That being said, we recommend staying between 0.50 to 2.00 carats for oval cut stones, as this size range looks particularly lovely on any hand size and finger shape.🤩 Since oval-cut diamonds already present larger than most shapes, you’ll still have a visibly sizeable stone that looks bigger than it should at any carat weight in this range.

To give you an idea of just how large each diamond is in this carat range, we’ve included the chart below. You can whip out a ruler and use these measurements to figure out how each average diamond size would look on your hand for a better understanding of which carat weight you should shop for:

Oval Cut Diamond Sizes (by carat weight and average length-to-width ratio)

Carat Weight (ct)Average Size (mm)*
0.25 ct5 x 3.5mm
0.50 ct6 x 4mm
0.75 ct7 x 5mm
1.00 ct7.7 x 5.7mm
1.25 ct8 x 6mm
1.50 ct8.5 x 6.5mm
2.00 ct9 x 7mm
*As we discussed in the “Cut” section, diamonds may have varying length-to-width ratios. These numbers reflect average sizes based on the standard oval silhouette.

Other shape considerations

Another factor to consider when shopping for oval diamonds is the bow-tie effect. This is a cut issue where light does not interact with poorly cut facets as intended, and the result is a dark band across the belly of the stone. This dark band is often in the shape of a bow tie, hence the “bow-tie effect”.

Some wearers actually prefer diamonds that experience the bow-tie effect, enjoying the one-of-a-kind look of the defect and classy nature of its shape. However, you should definitely look at diamonds both with and without bow-ties to see if you also like it, since it’s a major cut feature that will be noticeable to anyone who watches your diamond sparkle later on.

How much does an oval cut diamond cost?

When it comes to price, oval diamonds sit pretty much dead center when compared to other shapes. Because oval diamonds produce much less waste during the cutting process, you won’t have to shell out as much as you would for a round brilliant. Plus, this diamond is even more cost-effective than other elongated shapes!

You can expect to pay around $5,362 for a 1-carat oval cut diamond with G color and VS2 quality according to the IGS. This is a far cry from the $7,291 average price of the round brilliant, so it’s definitely a better deal if you want a diamond shape with that same round appeal.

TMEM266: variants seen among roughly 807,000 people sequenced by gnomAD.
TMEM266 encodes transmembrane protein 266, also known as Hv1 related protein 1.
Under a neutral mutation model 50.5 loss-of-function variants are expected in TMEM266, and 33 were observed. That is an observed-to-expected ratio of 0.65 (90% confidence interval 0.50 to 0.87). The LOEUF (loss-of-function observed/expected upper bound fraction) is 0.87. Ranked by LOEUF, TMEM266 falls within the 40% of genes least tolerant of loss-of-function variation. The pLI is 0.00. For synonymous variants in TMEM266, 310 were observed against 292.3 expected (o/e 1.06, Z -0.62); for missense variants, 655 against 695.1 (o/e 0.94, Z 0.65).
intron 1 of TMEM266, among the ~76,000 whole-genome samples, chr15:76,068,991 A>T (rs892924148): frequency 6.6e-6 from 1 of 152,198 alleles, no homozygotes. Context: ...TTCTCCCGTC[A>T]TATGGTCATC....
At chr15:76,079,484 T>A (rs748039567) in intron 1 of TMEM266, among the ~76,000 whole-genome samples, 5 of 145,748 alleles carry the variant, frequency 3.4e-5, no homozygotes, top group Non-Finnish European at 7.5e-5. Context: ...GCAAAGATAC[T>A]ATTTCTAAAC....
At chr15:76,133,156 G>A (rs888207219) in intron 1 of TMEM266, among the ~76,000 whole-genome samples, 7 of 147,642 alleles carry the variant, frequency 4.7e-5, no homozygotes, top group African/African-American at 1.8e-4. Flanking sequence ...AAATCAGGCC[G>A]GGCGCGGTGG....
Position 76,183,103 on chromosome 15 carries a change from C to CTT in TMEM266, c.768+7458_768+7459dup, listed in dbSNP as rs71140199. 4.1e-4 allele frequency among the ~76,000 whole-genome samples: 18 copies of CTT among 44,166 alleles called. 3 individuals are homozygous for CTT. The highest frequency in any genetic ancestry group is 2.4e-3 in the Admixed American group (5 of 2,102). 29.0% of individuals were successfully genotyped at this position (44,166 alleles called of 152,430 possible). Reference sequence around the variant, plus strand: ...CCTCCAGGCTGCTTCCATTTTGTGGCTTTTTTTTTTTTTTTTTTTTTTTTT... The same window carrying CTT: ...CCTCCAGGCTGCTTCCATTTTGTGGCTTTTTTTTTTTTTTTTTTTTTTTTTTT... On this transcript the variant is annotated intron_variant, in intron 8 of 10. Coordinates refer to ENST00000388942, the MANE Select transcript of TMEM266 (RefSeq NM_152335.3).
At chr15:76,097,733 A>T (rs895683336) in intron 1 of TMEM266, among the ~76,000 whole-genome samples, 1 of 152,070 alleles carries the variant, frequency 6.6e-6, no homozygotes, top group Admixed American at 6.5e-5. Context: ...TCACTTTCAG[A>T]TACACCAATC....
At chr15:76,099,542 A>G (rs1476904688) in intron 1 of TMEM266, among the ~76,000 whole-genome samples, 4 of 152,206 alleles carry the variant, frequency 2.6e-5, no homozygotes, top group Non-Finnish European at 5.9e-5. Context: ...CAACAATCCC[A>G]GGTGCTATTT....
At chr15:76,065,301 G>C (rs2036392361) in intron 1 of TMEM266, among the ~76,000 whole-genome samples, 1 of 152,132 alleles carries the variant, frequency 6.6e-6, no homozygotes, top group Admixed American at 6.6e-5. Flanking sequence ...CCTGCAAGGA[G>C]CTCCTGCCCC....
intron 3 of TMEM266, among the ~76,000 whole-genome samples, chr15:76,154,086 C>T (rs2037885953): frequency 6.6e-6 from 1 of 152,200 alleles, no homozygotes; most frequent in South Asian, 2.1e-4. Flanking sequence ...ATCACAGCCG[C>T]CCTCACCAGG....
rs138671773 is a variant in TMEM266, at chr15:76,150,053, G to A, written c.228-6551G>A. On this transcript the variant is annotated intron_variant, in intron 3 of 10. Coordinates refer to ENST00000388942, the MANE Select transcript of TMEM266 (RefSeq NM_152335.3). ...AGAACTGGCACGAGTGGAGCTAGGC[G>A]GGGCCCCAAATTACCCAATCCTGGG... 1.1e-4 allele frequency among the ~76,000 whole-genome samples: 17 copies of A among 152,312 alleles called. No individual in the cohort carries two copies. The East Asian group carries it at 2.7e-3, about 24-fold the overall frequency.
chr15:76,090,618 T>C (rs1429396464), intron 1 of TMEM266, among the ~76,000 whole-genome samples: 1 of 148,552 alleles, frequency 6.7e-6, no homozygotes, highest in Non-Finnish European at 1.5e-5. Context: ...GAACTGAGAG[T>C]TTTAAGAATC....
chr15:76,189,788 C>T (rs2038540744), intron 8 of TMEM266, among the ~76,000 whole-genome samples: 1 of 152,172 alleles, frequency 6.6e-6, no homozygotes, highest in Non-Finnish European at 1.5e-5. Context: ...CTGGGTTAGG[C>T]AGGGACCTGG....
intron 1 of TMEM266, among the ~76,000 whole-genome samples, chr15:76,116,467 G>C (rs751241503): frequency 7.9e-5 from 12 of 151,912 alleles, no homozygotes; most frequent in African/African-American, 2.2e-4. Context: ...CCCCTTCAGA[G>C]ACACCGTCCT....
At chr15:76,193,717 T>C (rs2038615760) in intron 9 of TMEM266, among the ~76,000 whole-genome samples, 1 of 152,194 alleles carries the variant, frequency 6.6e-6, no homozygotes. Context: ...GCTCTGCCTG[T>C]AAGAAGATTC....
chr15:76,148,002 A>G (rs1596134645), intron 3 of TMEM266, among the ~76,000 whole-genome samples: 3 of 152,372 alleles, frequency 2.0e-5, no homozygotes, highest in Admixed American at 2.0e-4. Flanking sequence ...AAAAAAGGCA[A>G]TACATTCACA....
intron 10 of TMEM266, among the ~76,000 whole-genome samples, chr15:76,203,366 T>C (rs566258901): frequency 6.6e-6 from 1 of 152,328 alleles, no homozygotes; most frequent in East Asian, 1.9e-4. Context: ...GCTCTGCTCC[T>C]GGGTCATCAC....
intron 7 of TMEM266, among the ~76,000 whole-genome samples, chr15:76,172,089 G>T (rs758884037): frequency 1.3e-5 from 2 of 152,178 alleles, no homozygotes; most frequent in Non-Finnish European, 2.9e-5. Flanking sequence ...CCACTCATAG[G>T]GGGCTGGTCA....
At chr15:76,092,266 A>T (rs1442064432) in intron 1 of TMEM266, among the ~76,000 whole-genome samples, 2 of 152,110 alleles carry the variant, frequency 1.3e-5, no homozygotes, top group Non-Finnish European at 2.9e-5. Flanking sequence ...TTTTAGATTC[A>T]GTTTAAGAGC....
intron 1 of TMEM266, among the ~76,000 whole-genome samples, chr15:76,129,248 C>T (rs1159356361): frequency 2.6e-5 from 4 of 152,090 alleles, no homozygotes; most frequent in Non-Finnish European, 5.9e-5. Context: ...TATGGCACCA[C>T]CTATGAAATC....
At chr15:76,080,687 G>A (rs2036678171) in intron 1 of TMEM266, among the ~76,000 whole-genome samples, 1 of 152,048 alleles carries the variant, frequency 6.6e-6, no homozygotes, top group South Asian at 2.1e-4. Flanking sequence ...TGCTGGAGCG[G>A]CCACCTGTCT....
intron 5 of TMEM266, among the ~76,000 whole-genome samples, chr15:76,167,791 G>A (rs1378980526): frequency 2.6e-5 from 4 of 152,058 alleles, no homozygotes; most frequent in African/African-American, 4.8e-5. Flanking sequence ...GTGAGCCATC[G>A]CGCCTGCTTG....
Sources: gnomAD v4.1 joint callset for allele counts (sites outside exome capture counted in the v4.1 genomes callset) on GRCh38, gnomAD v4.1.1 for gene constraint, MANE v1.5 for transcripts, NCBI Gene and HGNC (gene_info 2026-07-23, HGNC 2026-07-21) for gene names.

This price also makes the oval diamond cheaper than other elongated shapes, beating out 1-carat pear diamonds of equal quality by about $500 and similar marquise stones by $200.

However, if this is still out of your price range, the broader cushion cut may be a great option for you. It still has round edges, comes in several shape variations, and costs $1,000 less per carat on average!

The pros and cons of oval-cut diamonds

If you don’t have time to read our full guide to oval diamonds, here’s a quick summary of the benefits and drawbacks of this dazzling shape:


  • Oval diamonds have amazing sparkle and fire thanks to their brilliant cut. In fact, it’s one of the most brilliant shapes available today!
  • Thanks to their elongated shape, oval diamonds visually appear larger than their actual carat weight.
  • The elongated silhouette of the oval diamond can make hands and fingers appear longer/slimmer.
  • This modern shape features the same appeal as round brilliant diamonds (but they look larger and cost less!).
  • They’re moderately priced, and you get more bang for your buck since oval diamonds produce less waste during the cutting process.
  • Oval diamonds look amazing in any setting, looking just as lovely in vintage pieces as they do in modern styles.
  • No points or corners means no snagging or catching on fabrics.